Full services marketing


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Full services marketing

  1. 1. Contact: +923006641921 Usman Waheed 1 SM Services MarketingServices Marketing
  2. 2. Contact: +923006641921 Usman Waheed 2 SMSM Contact: +923006641921 Usman Waheed Chapter 1 INTRODUCTION TO SERVICES
  3. 3. Contact: +923006641921 Usman Waheed 3 SM Objectives for Chapter 1:Objectives for Chapter 1: Introduction to ServicesIntroduction to Services • Explain what services are and identify service trends • Explain the need for special services marketing concepts and practices • Outline the basic differences between goods and services and the resulting challenges for service businesses • Introduce the service marketing triangle • Introduce the expanded services marketing mix • Introduce the gaps model of service quality
  4. 4. Contact: +923006641921 Usman Waheed 4 SM IntroductionIntroduction • Services are deeds,processes and performance • Intangible, but may have a tangible component • Generally produced and consumed at the same time • Need to distinguish between SERVICE and CUSTOMER SERVICE
  5. 5. Contact: +923006641921 Usman Waheed 5 SM Challenges for ServicesChallenges for Services • Defining and improving quality • Communicating and testing new services • Communicating and maintaining a consistent image • Motivating and sustaining employee commitment • Coordinating marketing, operations and human resource efforts • Setting prices • Standardization versus personalization
  6. 6. Contact: +923006641921 Usman Waheed 6 SM Examples of ServiceExamples of Service IndustriesIndustries • Health Care – hospital, medical practice, dentistry, eye care • Professional Services – accounting, legal, architectural • Financial Services – banking, investment advising, insurance • Hospitality – restaurant, hotel/motel, bed & breakfast, – ski resort, rafting • Travel – airlines, travel agencies, theme park • Others: – hair styling, pest control, plumbing, lawn maintenance, counseling services, health club
  7. 7. Contact: +923006641921 Usman Waheed 7 SM Figure 1-1Figure 1-1 Tangibility SpectrumTangibility Spectrum Tangible Dominant Intangible Dominant Salt Soft Drinks Detergents Automobiles Cosmetics Advertising Agencies Airlines Investment Management Consulting Teaching Fast-food Outlets Fast-food Outlets            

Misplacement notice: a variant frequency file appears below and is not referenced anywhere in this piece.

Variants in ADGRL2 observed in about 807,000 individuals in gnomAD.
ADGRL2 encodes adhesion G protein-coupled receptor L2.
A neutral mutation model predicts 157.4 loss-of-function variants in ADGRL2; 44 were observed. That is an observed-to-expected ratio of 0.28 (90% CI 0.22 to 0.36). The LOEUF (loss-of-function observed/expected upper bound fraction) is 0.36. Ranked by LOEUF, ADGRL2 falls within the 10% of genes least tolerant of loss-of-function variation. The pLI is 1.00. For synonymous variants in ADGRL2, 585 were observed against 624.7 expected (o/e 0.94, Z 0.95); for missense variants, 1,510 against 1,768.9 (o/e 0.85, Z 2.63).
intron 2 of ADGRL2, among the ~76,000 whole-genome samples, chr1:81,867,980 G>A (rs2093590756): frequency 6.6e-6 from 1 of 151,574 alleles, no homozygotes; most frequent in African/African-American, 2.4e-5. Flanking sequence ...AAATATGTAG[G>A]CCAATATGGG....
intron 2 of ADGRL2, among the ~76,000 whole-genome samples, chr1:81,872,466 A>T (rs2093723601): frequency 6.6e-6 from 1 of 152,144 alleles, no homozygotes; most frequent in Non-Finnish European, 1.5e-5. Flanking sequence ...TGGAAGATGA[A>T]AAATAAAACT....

8. 8. Contact: +923006641921 Usman Waheed 8 SM Figure 1-2Figure 1-2 Percent ofPercent of U.S. Labor Force by IndustryU.S. Labor Force by Industry 0 10 20 30 40 50 60 70 80 1929 1948 1969 1977 1984 1996 PercentofGDP Source: Survey of Current Business, April 1998, Table B.8, July 1988, Table 6.6B, and July 1992, Table 6.4C; Eli Ginzberg and George J. Vojta, “The Service Sector of the U.S. Economy,” Scientific American, 244,3 (1981): 31-39. Yea r  Services  Manufacturing  Mining & Agriculture
  9. 9. Contact: +923006641921 Usman Waheed 9 SM 0 10 20 30 40 50 60 70 80 1948 1959 1967 1977 1987 1996 Figure 1-3Figure 1-3 Percent of U.S. Gross DomesticPercent of U.S. Gross Domestic Product by IndustryProduct by IndustryPercentofGDP Year Source: Survey of Current Business, August 1996, Table 11, April 1998, Table B.3; Eli Ginzberg and George J. Vojta, “The Service Sector of the U.S. Economy,” Scientific American, 244,3 (1981): 31-39.  Services  Manufacturing  Mining & Agriculture
  10. 10. Contact: +923006641921 Usman Waheed 10 SM Differences BetweenDifferences Between Goods and ServicesGoods and Services Intangibility Perishability Simultaneous Production and Consumption Heterogeneity
  11. 11. Contact: +923006641921 Usman Waheed 11 SM Implications of IntangibilityImplications of Intangibility  Services cannot be inventoried  Services cannot be patented  Services cannot be readily displayed or communicated  Pricing is difficult